Fisheries and aquacultureEdit

The flathead grey mullet is an important food fish around the world, and it is both fished and farmed. The reported worldwide catches from fishing in 2012 were about 130,000 tonnes and aquaculture production was 142,000 tonnes.[7]

DevelopmentEdit

The ontogeny of mugilid larvae has been well studied, with the larval development of Mugil cephalus in particular being studied intensively due to its wide range of distribution and interest to aquaculture.[8] The previously understudied osteological development of Mugil cephalus was investigated in a 2021 study, with four embryonic and six larval developmental steps being described in aquaculture-reared and wild-caught specimens.[8] These descriptions provided clarification of questionable characters of adult mullets and revealed informative details with potential implications for phylogenetic hypotheses, as well as providing an overdue basis of comparison for aquaculture-reared mullets to enable recognition of malformations.[8]

CuisineEdit

 
Drying mullet roe in Taiwan.

The roe of this mullet is salted, dried, and compressed to make a specialty food across the world, such as Greek avgotaraho, Taiwanese Wuyutsu, Korean eoran, Japanese karasumi, Italian bottarga, Turkish Haviar and Egyptian batarekh. In Egypt, the fish itself is salted, dried, and pickled to make fesikh.[citation needed]

On the coast of Northwest Florida and Alabama, this mullet, called the striped or black mullet, is often a specialty of seafood restaurants. Fried mullet is most popular, but smoked, baked, and canned mullet are also eaten. Local fishermen usually catch mullet in a castnet, though most use a land based seine net. Mullet is a delicacy in this area and is most often consumed in the home. Mullet are usually filleted, and the remaining frames used for fish stock, used in chowders and stews.[9] The mullet most commonly consumed in Florida however is the white mullet (Mugil curema), because its preference for cleaner water gives it a cleaner and less muddy taste.[10]

ReferencesEdit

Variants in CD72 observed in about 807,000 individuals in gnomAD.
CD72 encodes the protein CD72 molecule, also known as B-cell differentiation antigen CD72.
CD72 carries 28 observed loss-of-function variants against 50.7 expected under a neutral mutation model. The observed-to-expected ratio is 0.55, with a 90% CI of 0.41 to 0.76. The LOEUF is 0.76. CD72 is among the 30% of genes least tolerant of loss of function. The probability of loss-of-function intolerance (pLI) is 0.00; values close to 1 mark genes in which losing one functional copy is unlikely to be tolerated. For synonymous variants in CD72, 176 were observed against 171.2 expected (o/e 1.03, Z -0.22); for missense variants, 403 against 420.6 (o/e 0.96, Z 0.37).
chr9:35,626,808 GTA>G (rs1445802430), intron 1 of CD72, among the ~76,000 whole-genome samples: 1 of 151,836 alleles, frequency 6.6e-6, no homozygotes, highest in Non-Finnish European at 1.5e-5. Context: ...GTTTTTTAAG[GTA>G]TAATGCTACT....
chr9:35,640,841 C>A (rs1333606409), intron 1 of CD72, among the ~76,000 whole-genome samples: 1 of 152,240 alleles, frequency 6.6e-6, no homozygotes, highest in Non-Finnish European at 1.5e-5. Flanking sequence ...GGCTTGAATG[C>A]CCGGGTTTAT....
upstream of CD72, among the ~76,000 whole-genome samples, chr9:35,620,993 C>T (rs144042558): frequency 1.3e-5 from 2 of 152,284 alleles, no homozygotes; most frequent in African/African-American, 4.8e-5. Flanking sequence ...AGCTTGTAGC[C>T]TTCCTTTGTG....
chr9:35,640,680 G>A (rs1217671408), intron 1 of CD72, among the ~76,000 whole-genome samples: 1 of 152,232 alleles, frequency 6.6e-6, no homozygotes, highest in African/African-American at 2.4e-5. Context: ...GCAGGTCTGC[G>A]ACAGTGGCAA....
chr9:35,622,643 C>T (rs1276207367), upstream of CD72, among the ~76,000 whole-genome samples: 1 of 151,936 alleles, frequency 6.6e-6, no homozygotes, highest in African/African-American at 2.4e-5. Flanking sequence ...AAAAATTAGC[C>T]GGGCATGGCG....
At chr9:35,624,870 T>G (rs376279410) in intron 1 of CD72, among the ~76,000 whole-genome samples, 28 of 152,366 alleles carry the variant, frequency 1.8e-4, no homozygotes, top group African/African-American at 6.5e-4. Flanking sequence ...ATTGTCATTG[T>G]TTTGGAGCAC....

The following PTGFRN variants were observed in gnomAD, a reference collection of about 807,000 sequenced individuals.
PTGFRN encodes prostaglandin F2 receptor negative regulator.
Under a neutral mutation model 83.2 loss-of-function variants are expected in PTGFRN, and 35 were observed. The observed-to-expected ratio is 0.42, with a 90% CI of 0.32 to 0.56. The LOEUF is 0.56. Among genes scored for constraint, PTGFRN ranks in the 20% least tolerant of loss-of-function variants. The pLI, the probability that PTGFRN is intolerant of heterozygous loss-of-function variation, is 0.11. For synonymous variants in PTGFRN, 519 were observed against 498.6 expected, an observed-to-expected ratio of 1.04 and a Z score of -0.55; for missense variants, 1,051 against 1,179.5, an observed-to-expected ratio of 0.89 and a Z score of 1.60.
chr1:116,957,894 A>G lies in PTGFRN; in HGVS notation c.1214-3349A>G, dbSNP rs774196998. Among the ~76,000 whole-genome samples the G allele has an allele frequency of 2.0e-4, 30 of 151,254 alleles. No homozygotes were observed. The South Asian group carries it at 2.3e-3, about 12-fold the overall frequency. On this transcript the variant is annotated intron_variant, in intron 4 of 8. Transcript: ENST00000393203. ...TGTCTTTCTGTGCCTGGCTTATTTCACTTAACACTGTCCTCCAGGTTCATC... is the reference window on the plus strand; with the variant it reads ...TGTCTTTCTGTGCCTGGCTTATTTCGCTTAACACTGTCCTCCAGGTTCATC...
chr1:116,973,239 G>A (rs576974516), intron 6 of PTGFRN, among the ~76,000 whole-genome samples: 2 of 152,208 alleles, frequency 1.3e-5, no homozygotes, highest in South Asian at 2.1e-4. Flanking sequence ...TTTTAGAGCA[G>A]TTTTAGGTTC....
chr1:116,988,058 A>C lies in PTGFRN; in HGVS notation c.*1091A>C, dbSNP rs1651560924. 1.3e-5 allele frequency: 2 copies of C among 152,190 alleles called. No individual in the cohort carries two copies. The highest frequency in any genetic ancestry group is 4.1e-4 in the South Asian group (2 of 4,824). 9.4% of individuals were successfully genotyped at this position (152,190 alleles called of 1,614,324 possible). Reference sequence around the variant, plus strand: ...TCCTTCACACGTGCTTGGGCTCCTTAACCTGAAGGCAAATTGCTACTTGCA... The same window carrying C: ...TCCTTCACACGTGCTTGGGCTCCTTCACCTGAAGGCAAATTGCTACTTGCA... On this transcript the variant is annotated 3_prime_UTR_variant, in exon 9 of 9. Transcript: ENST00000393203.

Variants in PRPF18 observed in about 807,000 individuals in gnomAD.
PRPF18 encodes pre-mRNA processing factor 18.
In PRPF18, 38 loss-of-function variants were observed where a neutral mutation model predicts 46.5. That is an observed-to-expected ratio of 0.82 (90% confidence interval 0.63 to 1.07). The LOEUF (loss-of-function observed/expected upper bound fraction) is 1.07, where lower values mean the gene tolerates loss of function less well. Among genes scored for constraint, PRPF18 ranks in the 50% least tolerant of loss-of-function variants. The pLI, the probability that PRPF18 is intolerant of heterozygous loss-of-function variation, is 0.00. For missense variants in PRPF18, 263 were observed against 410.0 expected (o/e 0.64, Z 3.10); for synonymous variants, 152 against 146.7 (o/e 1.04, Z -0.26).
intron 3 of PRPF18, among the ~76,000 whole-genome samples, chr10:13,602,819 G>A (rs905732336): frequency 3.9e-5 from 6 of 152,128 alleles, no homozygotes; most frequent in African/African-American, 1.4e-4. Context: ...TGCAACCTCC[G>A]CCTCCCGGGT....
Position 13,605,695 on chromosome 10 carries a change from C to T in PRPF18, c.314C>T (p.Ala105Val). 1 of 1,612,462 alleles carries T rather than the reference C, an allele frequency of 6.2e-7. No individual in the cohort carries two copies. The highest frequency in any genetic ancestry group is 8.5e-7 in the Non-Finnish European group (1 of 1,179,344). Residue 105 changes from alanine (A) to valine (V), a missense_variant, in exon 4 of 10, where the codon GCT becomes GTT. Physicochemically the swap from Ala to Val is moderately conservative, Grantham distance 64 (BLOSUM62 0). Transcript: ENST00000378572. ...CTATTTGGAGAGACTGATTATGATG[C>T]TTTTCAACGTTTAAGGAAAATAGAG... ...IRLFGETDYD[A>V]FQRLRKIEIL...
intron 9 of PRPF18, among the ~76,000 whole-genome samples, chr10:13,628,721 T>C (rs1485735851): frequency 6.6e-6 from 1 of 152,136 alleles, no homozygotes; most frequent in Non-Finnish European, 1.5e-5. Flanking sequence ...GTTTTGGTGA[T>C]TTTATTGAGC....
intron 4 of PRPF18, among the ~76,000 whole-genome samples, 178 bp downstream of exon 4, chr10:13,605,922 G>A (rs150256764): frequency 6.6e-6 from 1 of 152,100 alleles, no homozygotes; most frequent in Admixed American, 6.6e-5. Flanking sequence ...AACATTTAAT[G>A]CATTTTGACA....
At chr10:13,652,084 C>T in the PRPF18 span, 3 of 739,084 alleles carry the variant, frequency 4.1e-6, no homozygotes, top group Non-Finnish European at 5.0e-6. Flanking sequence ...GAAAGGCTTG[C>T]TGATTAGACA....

1. ^ a b c Camara, K.; Carpenter, K.E.; Djiman, R.; et al. (2017). "Mugil cephalus". The IUCN Red List of Threatened Species. 2017: e.T135567A20682868. doi:10.2305/IUCN.UK.2017-3.RLTS.T135567A20682868.en.
  2. ^ a b c d e f Froese, Rainer and Pauly, Daniel, eds. (2014). "Mugil cephalus" in FishBase. April 2014 version.
  3. ^ Common names of Mugil cephalus FishBase (2014)
  4. ^ a b c d Minckley, W.L. 1973. Fishes of Arizona. Arizona Game and Fish Department, Phoenix. pp. 257-258.
  5. ^ Gomon, M.F.; Bray, D.J. (2019). "Mugil cephalus". Fishes of Australia. Retrieved 22 March 2020. Resources: Australian Faunal Directory
  6. ^ Animal abstract: Mugil cephalus Archived 2016-12-31 at the Wayback Machine ARIZONA GAME AND FISH DEPARTMENT
  7. ^ "FAO Fisheries & Aquaculture - Species Fact Sheets - Mugil cephalus (Linnaeus, 1758)". fao.org. Archived from the original on 2015-11-05. Retrieved 2016-04-30.
  8. ^ a b c Thieme, Philipp; Vallainc, Dario; Moritz, Timo (2021). "Postcranial skeletal development of Mugil cephalus (Teleostei: Mugiliformes): morphological and life-history implications for Mugiliformes". Zoological Journal of the Linnean Society. 192 (4): 1071–1089. doi:10.1093/zoolinnean/zlaa123.
  9. ^ "Instituto Veneto di scienze, lettere ed arti environmental database on the pool of Venice". Archived from the original on 2010-10-13. Retrieved 2007-05-23.
  10. ^ McKee, David (2008). Fishes of the Laguna Madre. College Station, Tx: Texas A&M University Press. p. 196. ISBN 978-1-60344-028-8.

External linksEdit